Looking after my home: Anybody can change a tap washer

(even Warren Heggarty, who wrote this from his own experience) 


You can save a couple of hundred dollars by learning how to change a tap washer. It is not hard to do, and does not require any unusual tools. It helps if you have someone to show you, or if you can watch one of the many you tube instruction videos (see below). 

Taps usually leak because the tap washer becomes worn, squashed or split, allowing water to force its way through. This will eventually cost you big money by adding to your water bill. You could get a plumber, but that will cost at least $100 for a ten minute job. 

To change a tap washer you will need to buy some new washers. They cost a couple of dollars each, from a hardware, from Bunnings, or even from a $2 shop. Indoor taps are usually 12mm, outdoor taps are larger, often 15 or 19mm. Make sure you get the right size. 

To see how it is done, you can watch you tube videos. It is best to watch an Australian video, because there are subtle differences between countries. 

This short video shows a tap that comes horizontally out of the wall.  


This video shows a tap which sits vertically in a basin. It also goes more in depth, looking at all the different parts of the tap and all the different problems that can develop. 


You will need an adjustable wrench, so handy for many jobs about the home. The wrench is most useful for undoing the hexagonal nut that holds the tap spindle in place. The tap washer fits into the bottom of the spindle unit (or the back of it if it is horizontal). Also, a screwdriver will come in handy if you need to prize off the tap lock button. 

There are so many different designs of taps and tap fittings you may feel daunted by the prospect of pulling it apart, but rest assured that most taps, deep down are just the same old standard spindle unit with different casing.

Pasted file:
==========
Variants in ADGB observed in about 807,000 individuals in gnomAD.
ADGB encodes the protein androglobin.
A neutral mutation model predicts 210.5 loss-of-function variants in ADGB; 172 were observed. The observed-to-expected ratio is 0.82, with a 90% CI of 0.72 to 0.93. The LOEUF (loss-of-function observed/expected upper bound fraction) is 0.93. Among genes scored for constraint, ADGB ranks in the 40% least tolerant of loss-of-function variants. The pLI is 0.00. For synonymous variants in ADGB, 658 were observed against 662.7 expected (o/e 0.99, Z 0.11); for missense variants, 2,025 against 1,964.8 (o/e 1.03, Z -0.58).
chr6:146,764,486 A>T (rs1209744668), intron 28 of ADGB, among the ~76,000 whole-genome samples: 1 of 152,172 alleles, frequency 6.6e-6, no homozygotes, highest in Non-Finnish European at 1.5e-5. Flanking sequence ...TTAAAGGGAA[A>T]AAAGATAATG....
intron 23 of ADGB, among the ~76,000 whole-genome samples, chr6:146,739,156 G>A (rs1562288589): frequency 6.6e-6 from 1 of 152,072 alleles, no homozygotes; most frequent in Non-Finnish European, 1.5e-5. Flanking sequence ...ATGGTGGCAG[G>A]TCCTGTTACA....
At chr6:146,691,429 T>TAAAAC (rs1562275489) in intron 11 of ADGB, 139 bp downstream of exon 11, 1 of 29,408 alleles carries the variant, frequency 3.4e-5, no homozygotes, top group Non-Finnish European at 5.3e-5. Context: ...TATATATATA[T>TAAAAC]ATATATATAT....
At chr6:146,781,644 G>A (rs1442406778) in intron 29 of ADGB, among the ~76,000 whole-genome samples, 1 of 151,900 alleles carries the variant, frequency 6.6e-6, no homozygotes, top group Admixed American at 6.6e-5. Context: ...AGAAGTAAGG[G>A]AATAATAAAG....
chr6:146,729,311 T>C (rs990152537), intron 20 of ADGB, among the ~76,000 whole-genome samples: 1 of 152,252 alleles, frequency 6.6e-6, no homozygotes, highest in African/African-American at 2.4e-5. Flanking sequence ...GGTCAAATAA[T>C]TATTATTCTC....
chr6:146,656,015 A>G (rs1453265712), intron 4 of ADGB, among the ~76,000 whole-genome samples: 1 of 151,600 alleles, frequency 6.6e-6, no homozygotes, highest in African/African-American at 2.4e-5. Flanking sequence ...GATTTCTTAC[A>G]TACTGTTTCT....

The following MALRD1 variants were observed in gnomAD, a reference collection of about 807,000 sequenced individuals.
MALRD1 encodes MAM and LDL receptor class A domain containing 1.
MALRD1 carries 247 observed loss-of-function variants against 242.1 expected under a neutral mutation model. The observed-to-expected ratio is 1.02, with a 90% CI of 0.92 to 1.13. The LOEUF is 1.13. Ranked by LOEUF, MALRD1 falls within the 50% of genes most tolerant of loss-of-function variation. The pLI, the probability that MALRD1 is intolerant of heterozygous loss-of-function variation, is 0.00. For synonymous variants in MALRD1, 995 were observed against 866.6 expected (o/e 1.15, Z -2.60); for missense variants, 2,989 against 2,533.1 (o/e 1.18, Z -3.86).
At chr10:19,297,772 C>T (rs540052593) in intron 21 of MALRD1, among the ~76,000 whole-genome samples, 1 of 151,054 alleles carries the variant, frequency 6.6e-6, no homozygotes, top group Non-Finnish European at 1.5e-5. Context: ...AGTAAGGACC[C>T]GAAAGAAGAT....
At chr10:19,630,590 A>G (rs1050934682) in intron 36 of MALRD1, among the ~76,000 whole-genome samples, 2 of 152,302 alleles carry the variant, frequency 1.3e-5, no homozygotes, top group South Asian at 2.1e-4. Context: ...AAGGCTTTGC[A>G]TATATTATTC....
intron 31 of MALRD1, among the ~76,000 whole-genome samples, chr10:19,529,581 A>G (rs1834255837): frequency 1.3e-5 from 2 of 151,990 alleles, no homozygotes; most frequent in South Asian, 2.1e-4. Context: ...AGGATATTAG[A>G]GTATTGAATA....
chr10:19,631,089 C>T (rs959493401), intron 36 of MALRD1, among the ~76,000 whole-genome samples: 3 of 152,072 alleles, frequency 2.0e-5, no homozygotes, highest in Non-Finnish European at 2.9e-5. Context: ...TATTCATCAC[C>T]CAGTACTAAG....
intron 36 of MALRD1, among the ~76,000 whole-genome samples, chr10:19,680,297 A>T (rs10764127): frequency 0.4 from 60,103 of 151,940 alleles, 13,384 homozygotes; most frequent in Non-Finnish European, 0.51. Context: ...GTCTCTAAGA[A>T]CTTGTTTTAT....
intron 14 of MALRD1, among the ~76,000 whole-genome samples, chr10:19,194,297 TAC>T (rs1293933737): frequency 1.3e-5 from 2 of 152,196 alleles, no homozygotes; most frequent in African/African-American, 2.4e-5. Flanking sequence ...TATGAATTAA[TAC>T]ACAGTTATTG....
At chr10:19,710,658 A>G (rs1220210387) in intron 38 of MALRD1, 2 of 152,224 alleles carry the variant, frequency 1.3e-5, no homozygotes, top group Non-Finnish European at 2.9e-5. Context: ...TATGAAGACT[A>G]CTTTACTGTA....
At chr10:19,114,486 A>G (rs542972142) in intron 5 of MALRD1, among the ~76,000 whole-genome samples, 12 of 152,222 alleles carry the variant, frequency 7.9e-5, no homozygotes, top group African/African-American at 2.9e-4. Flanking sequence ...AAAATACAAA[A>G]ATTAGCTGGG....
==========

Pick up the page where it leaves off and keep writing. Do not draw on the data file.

The spindle unit has three types of washer. At the bottom is the tap washer itself. It looks like a flat (or domed) circle with a short  stick in the centre, known as a jumper. Technically, only the soft rubber or plastic part is a washer, but let’s not get too technical. (See six tap washers in the picture far, left). 

Further up we have the fibre washer (usually red) which are illustrated third from left,  and there are usually two O-rings (usually black). Six of them are shown in the picture, second from left.

A screwdriver, and/or pointy nose pliers will also come in handy if you need to prize off or screw open a tap lock. This is necessary if you have a decorative handle. Pointy nose pliers are useful for picking the old washer out of the seat of the tap. Sometimes they get stuck. 

Some tips for changing washers

  • Turn the water off at the mains first
  • Take your time and don’t panic
  • Once the mains tap is off, make sure you turn the tap on full before unscrewing it, so the remaining water can drain out. 
  • Put a plug in the sink so you don’t drop anything down the plug hole
  • If the parts look grotty, give them a wipe with steel wool. 
  • Give moving parts a rub with special tap lubricant that you can buy in tap fixing kits such as the one in the yellow sachet in the picture.
  • Learn the names for the parts of a tap: e.g.. tap lock, spindle, flange or bonnet… not all taps have all the parts and it helps to know the words when you go shopping. 

Big hardware stores like Bunnings have lots of helpful hints on their web sites. Plus you can also ask the staff who will be only too happy to help you if there’s a sale in it!

If all else fails, get a plumber. It will cost you though, so get your money’s worth by observing carefully what the plumber does and by asking lots of questions. 

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